house mouse outside knoxville home

Although a house mouse and a deer mouse are both roughly the same size, and have similar features, there are some notable differences between these two mouse species, especially in regards to how they interact with humans, and what threats they pose. Understanding the differences helps educated pest professionals implement targeted pest protocols and provide effective control.


As the name "house mouse" suggests, these creatures prefer to live inside man-made structures and dwell with humans--although some forms do live in the wild. As one of the most widely distributed and successful mammals in the world, it is a creature both home and business owners alike are likely to come in contact with sooner or later.


From the tip of its nose to the end of its tail, a common house mouse measures between 65 to 95 mm long. It has dull fur that ranges from grey, to light brown, to black, with lighter underbelly fur, and a tail that is about the same length as its body. The tail of a house mouse is scalier and thicker than the tail of other species of mice, and is mostly hairless. The commensal forms of the common house mouse (species that actually live with humans) tend to have longer tails and are larger and darker than house mice that live exclusively in nature.


This is a mouse that prefers urban areas. It is more at home scavenging in warehouses than running around in an open field, where birds can swoop down to snatch it up. It is also a species of mice that has grown accustomed to acquiring food in an urban environment.

A house mouse will generally only travel about 30 feet from its nest, so you are likely to find these mice living near food and water resources. If there is a hole in the wall of your pantry or food storage room, it is likely that these mice will be inside the wall.


House mice forage in dirty places, such as dumpsters, trash heaps, and trash cans, so they are more likely to spread harmful bacteria when they get into food packages or walk around on dishes, silverware, or food prep surfaces. They are also able to transmit diseases to humans through the discharge of feces and urine.


Though they are similar in size and somewhat similar in appearance, a deer mouse is in a completely different family than the house mouse. It is also less inclined to dwell with humans. But, under certain circumstances, it will.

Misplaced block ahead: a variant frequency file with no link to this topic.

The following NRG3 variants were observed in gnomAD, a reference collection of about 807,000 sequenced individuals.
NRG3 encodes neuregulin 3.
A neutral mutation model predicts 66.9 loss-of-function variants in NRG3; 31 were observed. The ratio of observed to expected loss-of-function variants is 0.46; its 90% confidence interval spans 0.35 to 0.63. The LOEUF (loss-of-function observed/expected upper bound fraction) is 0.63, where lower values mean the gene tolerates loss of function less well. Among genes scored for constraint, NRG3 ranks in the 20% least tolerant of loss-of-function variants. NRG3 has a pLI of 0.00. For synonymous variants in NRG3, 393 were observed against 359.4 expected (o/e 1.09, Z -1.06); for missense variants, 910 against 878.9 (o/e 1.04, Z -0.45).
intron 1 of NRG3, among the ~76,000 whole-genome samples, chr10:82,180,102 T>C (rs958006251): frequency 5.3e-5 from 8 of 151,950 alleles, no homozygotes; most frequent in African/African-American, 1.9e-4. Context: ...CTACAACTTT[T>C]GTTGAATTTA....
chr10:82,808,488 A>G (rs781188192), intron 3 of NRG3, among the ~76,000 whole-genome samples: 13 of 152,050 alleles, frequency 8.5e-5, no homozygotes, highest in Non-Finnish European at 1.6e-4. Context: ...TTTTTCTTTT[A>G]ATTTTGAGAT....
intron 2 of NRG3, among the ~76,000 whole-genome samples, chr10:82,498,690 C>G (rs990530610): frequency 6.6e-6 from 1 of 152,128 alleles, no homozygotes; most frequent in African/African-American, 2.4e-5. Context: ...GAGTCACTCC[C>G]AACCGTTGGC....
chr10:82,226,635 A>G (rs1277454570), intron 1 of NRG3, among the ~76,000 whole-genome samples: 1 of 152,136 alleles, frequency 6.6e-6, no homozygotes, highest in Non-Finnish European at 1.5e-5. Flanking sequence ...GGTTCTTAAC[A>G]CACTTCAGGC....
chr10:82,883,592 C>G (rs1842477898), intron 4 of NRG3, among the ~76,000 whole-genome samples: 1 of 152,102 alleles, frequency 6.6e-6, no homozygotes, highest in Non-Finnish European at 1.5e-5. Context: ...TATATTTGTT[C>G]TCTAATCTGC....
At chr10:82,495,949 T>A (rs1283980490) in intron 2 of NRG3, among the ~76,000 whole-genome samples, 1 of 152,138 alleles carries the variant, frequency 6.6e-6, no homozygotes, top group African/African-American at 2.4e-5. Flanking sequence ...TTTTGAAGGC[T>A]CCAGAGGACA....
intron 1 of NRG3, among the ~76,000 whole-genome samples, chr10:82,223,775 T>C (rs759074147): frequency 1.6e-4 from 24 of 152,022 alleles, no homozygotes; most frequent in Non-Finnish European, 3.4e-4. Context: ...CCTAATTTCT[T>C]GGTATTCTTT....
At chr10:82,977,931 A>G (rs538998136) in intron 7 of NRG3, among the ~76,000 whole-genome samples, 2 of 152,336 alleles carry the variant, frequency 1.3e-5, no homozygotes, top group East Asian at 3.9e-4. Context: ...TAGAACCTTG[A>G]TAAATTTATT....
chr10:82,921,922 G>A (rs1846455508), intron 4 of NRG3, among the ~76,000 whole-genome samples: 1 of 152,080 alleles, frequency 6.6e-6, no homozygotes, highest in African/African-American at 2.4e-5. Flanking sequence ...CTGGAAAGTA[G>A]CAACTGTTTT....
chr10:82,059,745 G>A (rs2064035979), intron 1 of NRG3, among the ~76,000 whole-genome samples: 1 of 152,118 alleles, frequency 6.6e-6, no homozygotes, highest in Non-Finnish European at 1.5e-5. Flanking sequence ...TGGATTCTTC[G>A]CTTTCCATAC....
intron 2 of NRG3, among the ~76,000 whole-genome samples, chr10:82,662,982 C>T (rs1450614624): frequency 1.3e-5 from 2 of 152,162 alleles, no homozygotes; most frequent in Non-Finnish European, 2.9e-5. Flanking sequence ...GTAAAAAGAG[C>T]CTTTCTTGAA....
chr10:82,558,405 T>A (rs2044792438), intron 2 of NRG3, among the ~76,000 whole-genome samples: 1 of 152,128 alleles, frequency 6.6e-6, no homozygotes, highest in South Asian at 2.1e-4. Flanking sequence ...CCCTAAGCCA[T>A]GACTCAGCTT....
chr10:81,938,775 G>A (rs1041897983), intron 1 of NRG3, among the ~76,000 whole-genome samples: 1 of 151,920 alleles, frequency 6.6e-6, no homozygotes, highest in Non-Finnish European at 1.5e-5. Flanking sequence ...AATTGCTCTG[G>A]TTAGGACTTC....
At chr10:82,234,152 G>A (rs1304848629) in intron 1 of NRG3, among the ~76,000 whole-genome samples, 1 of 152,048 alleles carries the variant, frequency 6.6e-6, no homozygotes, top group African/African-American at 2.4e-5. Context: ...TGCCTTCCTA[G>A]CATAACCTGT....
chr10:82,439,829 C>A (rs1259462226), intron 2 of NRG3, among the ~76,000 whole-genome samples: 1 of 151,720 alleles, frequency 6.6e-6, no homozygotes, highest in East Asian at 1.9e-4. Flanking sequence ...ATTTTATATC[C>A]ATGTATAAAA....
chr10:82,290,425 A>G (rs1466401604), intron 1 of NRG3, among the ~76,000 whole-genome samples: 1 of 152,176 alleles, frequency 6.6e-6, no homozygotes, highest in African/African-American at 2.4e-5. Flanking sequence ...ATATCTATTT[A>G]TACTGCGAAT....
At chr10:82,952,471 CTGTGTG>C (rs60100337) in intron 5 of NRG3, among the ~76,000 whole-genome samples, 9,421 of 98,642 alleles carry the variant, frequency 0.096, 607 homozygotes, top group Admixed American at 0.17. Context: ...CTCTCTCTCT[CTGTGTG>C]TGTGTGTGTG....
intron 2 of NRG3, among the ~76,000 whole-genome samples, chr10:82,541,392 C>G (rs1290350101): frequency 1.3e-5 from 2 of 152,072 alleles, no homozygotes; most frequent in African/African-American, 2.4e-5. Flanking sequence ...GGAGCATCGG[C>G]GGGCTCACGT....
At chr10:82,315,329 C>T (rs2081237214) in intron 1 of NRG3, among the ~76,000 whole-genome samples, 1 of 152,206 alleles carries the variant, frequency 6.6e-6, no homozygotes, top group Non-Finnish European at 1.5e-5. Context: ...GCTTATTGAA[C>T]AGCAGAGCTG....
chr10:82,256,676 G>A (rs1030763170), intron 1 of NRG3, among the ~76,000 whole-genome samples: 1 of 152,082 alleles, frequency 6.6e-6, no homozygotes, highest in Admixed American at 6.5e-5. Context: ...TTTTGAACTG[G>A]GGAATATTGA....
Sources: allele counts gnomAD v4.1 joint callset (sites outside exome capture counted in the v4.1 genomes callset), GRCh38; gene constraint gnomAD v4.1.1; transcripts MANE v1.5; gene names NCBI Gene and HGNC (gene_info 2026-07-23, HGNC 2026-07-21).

The deer mouse gets its name from the fact that its coloration resembles that of a white-tailed deer. Its fur is gray or tawny brown on its top, and white on its belly. It ranges from 50 mm to 72 mm in body length, with a tail the same length. Unlike the hairless tail of a house mouse, a deer mouse's tail is furry. And, deer mice are generally thought of as "cuter" than house mice, with their two-toned fur, large ears, and big eyes.


This mouse is found throughout most of Canada and the U.S., and mostly in rural or semi-rural areas. A deer mouse prefers to make its nests around tree roots, under logs or boards, stumps, sheds or garages, in stacks of firewood, and inside the burrows or the nests of other creatures. They are also known for making homes out of abandoned vehicles or farm equipment. If a deer mouse gets into a vehicle that has remained parked awhile, it can cause extensive damage by chewing into upholstery and/or electrical wiring within the vehicle. This mouse typically makes its nest out of twigs, stems, leaves, and roots, and then lines the nest with fur or feathers. This mouse can travel as much as an acre away from its nest to find food. But, when it establishes itself inside a house, it will stay close to food, like the house mouse.


While a deer mouse is less likely to spread harmful bacteria, especially if it is in a rural setting, it can. But, the threat this rodent is most known for is spreading a strain of hantavirus to humans, which can lead to hantavirus pulmonary syndrome. A mask or respirator should always be used when removing the nests of this mouse species.

If you live in our Tennessee service area, and you need help removing and sealing mice out of your property, reach out to us. At Russell's Pest Control, we know how to tell these two animals apart, and what is needed to directly control both of them.


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